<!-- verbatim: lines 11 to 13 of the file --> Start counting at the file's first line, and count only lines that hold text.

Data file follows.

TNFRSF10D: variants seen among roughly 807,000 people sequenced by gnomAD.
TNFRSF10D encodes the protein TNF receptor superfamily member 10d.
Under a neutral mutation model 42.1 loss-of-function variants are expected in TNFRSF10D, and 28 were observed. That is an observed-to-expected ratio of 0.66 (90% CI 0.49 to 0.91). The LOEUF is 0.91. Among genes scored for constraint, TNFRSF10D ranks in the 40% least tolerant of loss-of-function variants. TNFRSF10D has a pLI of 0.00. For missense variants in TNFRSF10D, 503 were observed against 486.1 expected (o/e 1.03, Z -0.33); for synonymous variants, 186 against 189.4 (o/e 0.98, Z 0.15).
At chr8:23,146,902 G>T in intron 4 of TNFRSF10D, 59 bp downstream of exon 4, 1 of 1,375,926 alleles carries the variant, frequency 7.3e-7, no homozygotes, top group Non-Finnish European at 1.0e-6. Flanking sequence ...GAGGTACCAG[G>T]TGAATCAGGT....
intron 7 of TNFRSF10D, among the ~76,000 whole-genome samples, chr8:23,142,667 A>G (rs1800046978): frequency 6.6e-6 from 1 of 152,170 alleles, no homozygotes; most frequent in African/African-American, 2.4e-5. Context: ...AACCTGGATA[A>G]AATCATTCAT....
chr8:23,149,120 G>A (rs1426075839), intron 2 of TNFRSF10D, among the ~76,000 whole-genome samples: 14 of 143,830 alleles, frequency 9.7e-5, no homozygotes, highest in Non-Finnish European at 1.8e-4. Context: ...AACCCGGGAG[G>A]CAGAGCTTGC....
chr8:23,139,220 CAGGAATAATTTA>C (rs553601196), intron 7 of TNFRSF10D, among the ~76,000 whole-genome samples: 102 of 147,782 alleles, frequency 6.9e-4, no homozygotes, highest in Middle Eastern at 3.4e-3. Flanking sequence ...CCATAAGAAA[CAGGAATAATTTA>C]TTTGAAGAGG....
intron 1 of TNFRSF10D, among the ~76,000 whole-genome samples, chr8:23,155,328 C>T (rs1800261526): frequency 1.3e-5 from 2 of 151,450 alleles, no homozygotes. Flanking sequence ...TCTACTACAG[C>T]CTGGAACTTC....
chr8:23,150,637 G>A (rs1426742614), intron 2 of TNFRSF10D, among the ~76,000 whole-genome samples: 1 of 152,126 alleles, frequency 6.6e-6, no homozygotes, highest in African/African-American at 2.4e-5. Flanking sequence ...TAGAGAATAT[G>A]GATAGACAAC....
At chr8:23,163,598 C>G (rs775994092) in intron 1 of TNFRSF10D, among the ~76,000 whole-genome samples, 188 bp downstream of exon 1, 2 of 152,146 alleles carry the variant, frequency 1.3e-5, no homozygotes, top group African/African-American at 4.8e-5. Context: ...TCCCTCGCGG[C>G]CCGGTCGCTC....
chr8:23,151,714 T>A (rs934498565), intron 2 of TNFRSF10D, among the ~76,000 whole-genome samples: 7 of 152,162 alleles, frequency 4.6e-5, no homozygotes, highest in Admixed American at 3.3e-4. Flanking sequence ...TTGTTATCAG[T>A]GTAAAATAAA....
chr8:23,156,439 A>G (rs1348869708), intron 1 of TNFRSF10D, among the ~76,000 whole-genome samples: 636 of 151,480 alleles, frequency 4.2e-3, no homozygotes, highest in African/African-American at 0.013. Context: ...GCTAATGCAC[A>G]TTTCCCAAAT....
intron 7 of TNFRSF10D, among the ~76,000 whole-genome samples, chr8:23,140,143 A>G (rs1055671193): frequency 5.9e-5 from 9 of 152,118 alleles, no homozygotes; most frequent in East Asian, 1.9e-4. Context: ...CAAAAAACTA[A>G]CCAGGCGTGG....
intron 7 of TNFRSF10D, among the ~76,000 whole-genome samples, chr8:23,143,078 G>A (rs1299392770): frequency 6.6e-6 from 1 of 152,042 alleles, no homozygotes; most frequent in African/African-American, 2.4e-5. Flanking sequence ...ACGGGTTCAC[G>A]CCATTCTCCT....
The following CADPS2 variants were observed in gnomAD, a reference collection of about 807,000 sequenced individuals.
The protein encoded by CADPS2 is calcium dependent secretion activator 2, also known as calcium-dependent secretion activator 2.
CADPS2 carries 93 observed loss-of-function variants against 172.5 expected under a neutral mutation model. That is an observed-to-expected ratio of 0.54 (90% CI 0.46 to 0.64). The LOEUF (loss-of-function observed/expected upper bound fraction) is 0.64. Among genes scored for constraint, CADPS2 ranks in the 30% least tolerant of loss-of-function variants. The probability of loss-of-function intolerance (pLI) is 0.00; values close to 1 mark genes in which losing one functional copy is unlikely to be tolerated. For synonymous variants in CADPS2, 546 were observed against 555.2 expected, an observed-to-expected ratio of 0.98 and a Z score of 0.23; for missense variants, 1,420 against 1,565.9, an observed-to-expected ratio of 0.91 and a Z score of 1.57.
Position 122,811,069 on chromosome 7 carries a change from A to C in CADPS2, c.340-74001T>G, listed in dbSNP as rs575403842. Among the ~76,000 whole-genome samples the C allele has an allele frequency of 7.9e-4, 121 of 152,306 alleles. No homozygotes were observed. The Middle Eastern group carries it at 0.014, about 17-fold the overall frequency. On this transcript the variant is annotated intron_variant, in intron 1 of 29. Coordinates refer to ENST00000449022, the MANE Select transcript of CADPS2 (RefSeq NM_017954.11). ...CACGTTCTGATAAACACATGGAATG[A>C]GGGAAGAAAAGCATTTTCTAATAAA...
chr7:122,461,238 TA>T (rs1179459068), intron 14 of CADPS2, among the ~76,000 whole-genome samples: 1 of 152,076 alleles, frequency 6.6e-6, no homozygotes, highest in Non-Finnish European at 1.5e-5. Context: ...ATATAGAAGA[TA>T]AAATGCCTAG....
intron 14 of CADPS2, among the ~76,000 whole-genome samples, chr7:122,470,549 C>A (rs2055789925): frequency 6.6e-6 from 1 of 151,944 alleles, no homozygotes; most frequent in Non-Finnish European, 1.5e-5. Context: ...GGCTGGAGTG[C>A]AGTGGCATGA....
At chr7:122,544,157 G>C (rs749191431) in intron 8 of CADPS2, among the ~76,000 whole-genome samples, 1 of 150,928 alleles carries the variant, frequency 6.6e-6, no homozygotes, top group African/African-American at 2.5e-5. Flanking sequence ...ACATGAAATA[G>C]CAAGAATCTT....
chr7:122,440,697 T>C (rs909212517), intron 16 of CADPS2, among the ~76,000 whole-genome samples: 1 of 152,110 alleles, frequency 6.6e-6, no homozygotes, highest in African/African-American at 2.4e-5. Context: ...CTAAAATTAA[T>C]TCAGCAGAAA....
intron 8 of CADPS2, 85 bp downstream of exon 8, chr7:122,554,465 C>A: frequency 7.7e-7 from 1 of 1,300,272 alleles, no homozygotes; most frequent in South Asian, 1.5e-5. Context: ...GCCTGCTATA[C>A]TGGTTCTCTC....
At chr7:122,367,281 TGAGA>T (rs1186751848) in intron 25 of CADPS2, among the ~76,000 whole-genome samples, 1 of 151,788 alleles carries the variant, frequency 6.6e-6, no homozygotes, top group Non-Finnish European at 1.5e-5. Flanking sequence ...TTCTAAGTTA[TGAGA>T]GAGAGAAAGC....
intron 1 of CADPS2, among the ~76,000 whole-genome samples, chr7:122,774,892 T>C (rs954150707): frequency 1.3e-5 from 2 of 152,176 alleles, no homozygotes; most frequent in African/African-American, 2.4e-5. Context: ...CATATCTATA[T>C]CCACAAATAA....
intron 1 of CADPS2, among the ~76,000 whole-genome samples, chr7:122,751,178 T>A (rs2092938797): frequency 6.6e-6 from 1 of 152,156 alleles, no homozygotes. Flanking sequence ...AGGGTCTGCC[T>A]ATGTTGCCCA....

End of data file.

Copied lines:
chr8:23,151,714 T>A (rs934498565), intron 2 of TNFRSF10D, among the ~76,000 whole-genome samples: 7 of 152,162 alleles, frequency 4.6e-5, no homozygotes, highest in Admixed American at 3.3e-4. Flanking sequence ...TTGTTATCAG[T>A]GTAAAATAAA....
chr8:23,156,439 A>G (rs1348869708), intron 1 of TNFRSF10D, among the ~76,000 whole-genome samples: 636 of 151,480 alleles, frequency 4.2e-3, no homozygotes, highest in African/African-American at 0.013. Context: ...GCTAATGCAC[A>G]TTTCCCAAAT....
intron 7 of TNFRSF10D, among the ~76,000 whole-genome samples, chr8:23,140,143 A>G (rs1055671193): frequency 5.9e-5 from 9 of 152,118 alleles, no homozygotes; most frequent in East Asian, 1.9e-4. Context: ...CAAAAAACTA[A>G]CCAGGCGTGG....